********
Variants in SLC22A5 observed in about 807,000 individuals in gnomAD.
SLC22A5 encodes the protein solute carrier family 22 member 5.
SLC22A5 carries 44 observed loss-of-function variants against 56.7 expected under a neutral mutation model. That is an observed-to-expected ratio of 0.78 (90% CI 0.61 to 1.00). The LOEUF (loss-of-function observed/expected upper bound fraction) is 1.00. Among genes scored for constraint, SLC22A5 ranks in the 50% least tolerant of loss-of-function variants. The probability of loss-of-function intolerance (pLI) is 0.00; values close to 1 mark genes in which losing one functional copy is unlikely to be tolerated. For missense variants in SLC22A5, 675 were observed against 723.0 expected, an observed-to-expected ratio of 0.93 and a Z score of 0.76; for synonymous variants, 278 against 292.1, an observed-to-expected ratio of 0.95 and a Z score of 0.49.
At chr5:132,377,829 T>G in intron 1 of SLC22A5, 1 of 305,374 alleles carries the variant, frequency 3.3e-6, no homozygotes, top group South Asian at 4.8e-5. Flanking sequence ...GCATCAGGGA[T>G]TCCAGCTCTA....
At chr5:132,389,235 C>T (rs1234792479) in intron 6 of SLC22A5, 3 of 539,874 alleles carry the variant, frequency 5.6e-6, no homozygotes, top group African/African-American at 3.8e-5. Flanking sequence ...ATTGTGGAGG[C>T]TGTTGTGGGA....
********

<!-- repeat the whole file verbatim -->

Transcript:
Variants in SLC22A5 observed in about 807,000 individuals in gnomAD.
SLC22A5 encodes the protein solute carrier family 22 member 5.
SLC22A5 carries 44 observed loss-of-function variants against 56.7 expected under a neutral mutation model. That is an observed-to-expected ratio of 0.78 (90% CI 0.61 to 1.00). The LOEUF (loss-of-function observed/expected upper bound fraction) is 1.00. Among genes scored for constraint, SLC22A5 ranks in the 50% least tolerant of loss-of-function variants. The probability of loss-of-function intolerance (pLI) is 0.00; values close to 1 mark genes in which losing one functional copy is unlikely to be tolerated. For missense variants in SLC22A5, 675 were observed against 723.0 expected, an observed-to-expected ratio of 0.93 and a Z score of 0.76; for synonymous variants, 278 against 292.1, an observed-to-expected ratio of 0.95 and a Z score of 0.49.
At chr5:132,377,829 T>G in intron 1 of SLC22A5, 1 of 305,374 alleles carries the variant, frequency 3.3e-6, no homozygotes, top group South Asian at 4.8e-5. Flanking sequence ...GCATCAGGGA[T>G]TCCAGCTCTA....
At chr5:132,389,235 C>T (rs1234792479) in intron 6 of SLC22A5, 3 of 539,874 alleles carry the variant, frequency 5.6e-6, no homozygotes, top group African/African-American at 3.8e-5. Flanking sequence ...ATTGTGGAGG[C>T]TGTTGTGGGA....